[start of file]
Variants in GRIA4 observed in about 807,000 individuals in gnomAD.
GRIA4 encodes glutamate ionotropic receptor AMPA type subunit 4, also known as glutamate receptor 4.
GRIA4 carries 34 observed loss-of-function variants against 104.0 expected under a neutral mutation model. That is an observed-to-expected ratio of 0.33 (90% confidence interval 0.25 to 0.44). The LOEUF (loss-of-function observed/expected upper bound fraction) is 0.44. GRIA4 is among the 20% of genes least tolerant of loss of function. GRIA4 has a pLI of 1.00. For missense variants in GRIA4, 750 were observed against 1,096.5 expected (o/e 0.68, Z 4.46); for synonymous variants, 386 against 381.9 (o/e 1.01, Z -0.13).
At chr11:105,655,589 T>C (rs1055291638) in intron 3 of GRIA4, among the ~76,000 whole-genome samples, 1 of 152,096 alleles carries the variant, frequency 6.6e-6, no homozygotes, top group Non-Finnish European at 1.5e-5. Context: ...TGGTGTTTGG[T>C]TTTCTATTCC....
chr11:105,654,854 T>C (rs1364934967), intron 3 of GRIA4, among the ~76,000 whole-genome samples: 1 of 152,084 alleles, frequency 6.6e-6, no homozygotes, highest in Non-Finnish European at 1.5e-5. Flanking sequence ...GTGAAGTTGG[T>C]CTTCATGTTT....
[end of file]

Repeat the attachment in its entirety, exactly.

Variants in GRIA4 observed in about 807,000 individuals in gnomAD.
GRIA4 encodes glutamate ionotropic receptor AMPA type subunit 4, also known as glutamate receptor 4.
GRIA4 carries 34 observed loss-of-function variants against 104.0 expected under a neutral mutation model. That is an observed-to-expected ratio of 0.33 (90% confidence interval 0.25 to 0.44). The LOEUF (loss-of-function observed/expected upper bound fraction) is 0.44. GRIA4 is among the 20% of genes least tolerant of loss of function. GRIA4 has a pLI of 1.00. For missense variants in GRIA4, 750 were observed against 1,096.5 expected (o/e 0.68, Z 4.46); for synonymous variants, 386 against 381.9 (o/e 1.01, Z -0.13).
At chr11:105,655,589 T>C (rs1055291638) in intron 3 of GRIA4, among the ~76,000 whole-genome samples, 1 of 152,096 alleles carries the variant, frequency 6.6e-6, no homozygotes, top group Non-Finnish European at 1.5e-5. Context: ...TGGTGTTTGG[T>C]TTTCTATTCC....
chr11:105,654,854 T>C (rs1364934967), intron 3 of GRIA4, among the ~76,000 whole-genome samples: 1 of 152,084 alleles, frequency 6.6e-6, no homozygotes, highest in Non-Finnish European at 1.5e-5. Flanking sequence ...GTGAAGTTGG[T>C]CTTCATGTTT....